SARI FRANKEL/THE HOYA
SARI FRANKEL/THE HOYA

Cafe Milano is not your average Italian restaurant. Opened in 1992, Cafe Milano has become like The Tombs and Tuscany’s — a place of tradition. Of course, Cafe Milano is very different from either of those restaurants. Having won “Power Spot of the Year” in the 2005 RAMMYS, the “Oscars of Washington, D.C. restaurants,” and the Star Diamond Award for hospitality four years in a row, one can expect no less than quality Italian dining. The restaurant’s website boasts that it is the “hub” for diplomats, lawmakers and celebrities — even a (failed) plot to assassinate the Saudi Arabian ambassador was planned to take place here.

With all this in mind, my friends and I set off to Cafe Milano with high expectations. Unfortunately, I have to say it was a bit of a disappointment. While the restaurant strives for the down-to-earth feel common in Italian cuisine, it really is only a small step away from “fine dining.”

The decor of the restaurant, however, is worth noting. With wood paneling and painted ceilings, one could easily imagine one is in Europe. Don’t be fooled by the word “cafe” in its name; while “cafe” in Europe denotes cheap, quick food, this isn’t the case at this restaurant. Starters cost about $20 and entrees about $30 — rather pricy for miniscule portions.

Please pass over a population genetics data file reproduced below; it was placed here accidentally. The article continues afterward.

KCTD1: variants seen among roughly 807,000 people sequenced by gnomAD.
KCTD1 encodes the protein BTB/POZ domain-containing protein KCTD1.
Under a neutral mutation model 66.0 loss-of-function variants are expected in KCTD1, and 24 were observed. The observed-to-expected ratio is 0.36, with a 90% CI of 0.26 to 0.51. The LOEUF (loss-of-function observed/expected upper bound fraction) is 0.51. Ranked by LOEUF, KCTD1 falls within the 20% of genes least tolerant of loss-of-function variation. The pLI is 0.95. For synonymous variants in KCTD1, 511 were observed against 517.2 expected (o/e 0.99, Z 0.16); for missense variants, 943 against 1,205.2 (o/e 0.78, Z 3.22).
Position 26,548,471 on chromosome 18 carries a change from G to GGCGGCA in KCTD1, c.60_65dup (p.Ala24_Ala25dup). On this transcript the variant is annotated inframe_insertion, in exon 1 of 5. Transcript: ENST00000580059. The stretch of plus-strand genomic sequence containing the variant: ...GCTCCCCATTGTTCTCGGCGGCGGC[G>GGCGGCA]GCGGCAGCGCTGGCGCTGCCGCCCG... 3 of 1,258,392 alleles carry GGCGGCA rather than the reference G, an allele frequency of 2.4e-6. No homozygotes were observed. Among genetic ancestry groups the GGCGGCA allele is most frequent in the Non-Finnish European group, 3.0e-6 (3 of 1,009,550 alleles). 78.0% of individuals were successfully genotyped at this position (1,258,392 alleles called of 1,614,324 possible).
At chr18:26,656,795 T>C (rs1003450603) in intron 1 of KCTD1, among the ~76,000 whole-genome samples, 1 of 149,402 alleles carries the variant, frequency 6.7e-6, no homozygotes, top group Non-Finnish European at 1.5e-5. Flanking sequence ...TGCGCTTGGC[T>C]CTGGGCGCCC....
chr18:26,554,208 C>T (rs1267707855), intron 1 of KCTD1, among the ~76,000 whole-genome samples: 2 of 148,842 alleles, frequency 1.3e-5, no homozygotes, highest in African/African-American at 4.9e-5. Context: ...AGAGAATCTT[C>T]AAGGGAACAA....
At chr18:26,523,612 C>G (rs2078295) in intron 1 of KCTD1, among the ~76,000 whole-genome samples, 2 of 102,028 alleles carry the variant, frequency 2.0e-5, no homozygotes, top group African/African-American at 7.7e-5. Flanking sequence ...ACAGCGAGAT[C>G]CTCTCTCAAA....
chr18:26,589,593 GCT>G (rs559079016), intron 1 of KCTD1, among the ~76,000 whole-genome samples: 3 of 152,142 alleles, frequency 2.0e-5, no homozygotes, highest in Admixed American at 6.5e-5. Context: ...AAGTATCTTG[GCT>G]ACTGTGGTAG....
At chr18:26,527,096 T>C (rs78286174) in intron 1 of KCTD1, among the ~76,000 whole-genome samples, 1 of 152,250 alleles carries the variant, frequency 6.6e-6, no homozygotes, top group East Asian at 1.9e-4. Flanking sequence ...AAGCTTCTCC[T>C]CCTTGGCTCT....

As typical college students, my group and I finished three breadbaskets in approximately four seconds. Soft and warm, the bread was just how it ought to be, and the accompanying balsamic vinaigrette made the basket disappear even faster.

To begin the meal, I ordered the crispy calamari and zucchini. While it looked massive at first due to the uncountable amount of calamari, the tininess of the individual pieces made them satisfying without being overly heavy or filling. The zucchini was superb: thin, crispy and full of taste. However, like some of the calamari, there was perhaps too much batter coating the vegetable.

Next, we ordered the mussels in lemon and white wine broth which, unfortunately, were much different than I had expected. Rather than the standard garlic and white wine, the broth was made with lemon and white wine, giving it a sour taste that I avoided soaking up with the bread at the end of my meal.

As an entree, I opted for the roasted black grouper with a chickpea, porcini mushroom and fresh tomato guazzetto (fish stew). The grouper had great texture, but what struck me was the burst of flavor from the guazzetto. However, the saltiness of the dish made everything else taste bland in comparison, and, after a while, it became inedible and loaves of bread had to be devoured in order to restore the balance of my palate. The half-moon ravioli that my friends ordered looked and smelled great, but they complained about the tiny portion size.

While Cafe Milano is a must-visit as a Georgetown student, don’t bother frequenting it because one, college kids are poor and two, college kids are hungry.

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